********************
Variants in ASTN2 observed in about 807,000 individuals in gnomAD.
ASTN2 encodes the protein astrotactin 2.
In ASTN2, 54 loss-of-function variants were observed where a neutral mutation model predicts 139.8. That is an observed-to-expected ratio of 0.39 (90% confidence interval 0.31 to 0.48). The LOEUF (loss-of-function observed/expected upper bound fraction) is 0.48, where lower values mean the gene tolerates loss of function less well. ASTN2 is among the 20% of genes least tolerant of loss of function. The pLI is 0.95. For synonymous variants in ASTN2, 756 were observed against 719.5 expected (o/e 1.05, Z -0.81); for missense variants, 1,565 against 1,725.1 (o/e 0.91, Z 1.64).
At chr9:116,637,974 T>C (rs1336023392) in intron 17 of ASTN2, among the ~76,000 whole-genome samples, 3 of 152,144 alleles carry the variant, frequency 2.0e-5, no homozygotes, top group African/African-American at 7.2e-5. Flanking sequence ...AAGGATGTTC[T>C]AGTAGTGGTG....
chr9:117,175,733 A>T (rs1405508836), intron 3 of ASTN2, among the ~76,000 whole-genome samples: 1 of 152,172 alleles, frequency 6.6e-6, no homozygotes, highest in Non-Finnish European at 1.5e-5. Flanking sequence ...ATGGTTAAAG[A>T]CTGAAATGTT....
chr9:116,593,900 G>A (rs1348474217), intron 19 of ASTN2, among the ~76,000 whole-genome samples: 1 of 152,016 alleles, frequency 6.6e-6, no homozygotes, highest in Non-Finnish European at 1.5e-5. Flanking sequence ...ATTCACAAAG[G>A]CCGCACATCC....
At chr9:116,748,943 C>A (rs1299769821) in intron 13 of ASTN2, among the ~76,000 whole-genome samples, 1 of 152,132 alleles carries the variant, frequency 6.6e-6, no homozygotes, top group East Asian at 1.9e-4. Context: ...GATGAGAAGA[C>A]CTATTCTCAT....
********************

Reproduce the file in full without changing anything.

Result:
Variants in ASTN2 observed in about 807,000 individuals in gnomAD.
ASTN2 encodes the protein astrotactin 2.
In ASTN2, 54 loss-of-function variants were observed where a neutral mutation model predicts 139.8. That is an observed-to-expected ratio of 0.39 (90% confidence interval 0.31 to 0.48). The LOEUF (loss-of-function observed/expected upper bound fraction) is 0.48, where lower values mean the gene tolerates loss of function less well. ASTN2 is among the 20% of genes least tolerant of loss of function. The pLI is 0.95. For synonymous variants in ASTN2, 756 were observed against 719.5 expected (o/e 1.05, Z -0.81); for missense variants, 1,565 against 1,725.1 (o/e 0.91, Z 1.64).
At chr9:116,637,974 T>C (rs1336023392) in intron 17 of ASTN2, among the ~76,000 whole-genome samples, 3 of 152,144 alleles carry the variant, frequency 2.0e-5, no homozygotes, top group African/African-American at 7.2e-5. Flanking sequence ...AAGGATGTTC[T>C]AGTAGTGGTG....
chr9:117,175,733 A>T (rs1405508836), intron 3 of ASTN2, among the ~76,000 whole-genome samples: 1 of 152,172 alleles, frequency 6.6e-6, no homozygotes, highest in Non-Finnish European at 1.5e-5. Flanking sequence ...ATGGTTAAAG[A>T]CTGAAATGTT....
chr9:116,593,900 G>A (rs1348474217), intron 19 of ASTN2, among the ~76,000 whole-genome samples: 1 of 152,016 alleles, frequency 6.6e-6, no homozygotes, highest in Non-Finnish European at 1.5e-5. Flanking sequence ...ATTCACAAAG[G>A]CCGCACATCC....
At chr9:116,748,943 C>A (rs1299769821) in intron 13 of ASTN2, among the ~76,000 whole-genome samples, 1 of 152,132 alleles carries the variant, frequency 6.6e-6, no homozygotes, top group East Asian at 1.9e-4. Context: ...GATGAGAAGA[C>A]CTATTCTCAT....